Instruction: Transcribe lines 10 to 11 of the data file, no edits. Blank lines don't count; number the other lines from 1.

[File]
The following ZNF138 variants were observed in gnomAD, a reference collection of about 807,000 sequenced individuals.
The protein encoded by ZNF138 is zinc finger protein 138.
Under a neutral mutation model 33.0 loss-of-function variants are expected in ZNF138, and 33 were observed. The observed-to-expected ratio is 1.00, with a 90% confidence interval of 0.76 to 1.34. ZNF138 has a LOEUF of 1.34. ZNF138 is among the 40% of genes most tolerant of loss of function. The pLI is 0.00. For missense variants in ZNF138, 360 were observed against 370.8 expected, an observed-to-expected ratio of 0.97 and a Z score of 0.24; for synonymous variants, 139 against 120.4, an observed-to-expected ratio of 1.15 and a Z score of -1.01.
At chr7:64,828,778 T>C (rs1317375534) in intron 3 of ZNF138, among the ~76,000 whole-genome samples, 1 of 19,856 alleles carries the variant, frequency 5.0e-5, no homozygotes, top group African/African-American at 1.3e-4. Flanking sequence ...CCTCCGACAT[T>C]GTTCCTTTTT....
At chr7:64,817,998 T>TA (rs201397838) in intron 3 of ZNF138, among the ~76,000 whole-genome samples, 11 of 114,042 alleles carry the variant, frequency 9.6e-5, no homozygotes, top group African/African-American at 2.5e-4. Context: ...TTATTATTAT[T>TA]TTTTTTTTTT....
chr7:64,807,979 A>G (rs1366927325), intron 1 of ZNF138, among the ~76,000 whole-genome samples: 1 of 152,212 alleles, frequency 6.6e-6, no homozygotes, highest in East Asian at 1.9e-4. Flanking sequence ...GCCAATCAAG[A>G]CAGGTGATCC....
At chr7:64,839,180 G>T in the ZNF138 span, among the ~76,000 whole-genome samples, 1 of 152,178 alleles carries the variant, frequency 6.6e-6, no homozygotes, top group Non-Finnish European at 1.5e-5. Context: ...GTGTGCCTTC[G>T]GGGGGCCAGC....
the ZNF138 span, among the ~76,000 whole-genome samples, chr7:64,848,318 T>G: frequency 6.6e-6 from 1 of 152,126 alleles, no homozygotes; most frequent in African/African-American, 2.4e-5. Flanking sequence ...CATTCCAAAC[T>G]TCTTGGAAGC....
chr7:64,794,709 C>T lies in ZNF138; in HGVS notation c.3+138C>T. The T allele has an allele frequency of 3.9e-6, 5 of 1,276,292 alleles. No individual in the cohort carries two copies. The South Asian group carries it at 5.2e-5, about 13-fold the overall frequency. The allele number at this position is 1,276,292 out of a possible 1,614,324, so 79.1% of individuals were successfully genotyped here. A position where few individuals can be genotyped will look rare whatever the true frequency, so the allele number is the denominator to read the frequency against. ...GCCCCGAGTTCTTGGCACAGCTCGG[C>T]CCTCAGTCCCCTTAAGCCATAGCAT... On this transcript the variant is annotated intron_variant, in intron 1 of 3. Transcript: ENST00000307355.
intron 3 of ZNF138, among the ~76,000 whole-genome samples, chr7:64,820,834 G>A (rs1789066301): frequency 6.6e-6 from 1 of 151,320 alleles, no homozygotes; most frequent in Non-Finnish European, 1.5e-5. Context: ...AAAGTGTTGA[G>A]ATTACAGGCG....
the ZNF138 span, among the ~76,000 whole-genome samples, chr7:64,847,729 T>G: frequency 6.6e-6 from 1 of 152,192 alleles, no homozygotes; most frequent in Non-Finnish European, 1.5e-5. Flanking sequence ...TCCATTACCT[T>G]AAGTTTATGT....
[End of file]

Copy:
intron 3 of ZNF138, among the ~76,000 whole-genome samples, chr7:64,820,834 G>A (rs1789066301): frequency 6.6e-6 from 1 of 151,320 alleles, no homozygotes; most frequent in Non-Finnish European, 1.5e-5. Context: ...AAAGTGTTGA[G>A]ATTACAGGCG....
the ZNF138 span, among the ~76,000 whole-genome samples, chr7:64,847,729 T>G: frequency 6.6e-6 from 1 of 152,192 alleles, no homozygotes; most frequent in Non-Finnish European, 1.5e-5. Flanking sequence ...TCCATTACCT[T>G]AAGTTTATGT....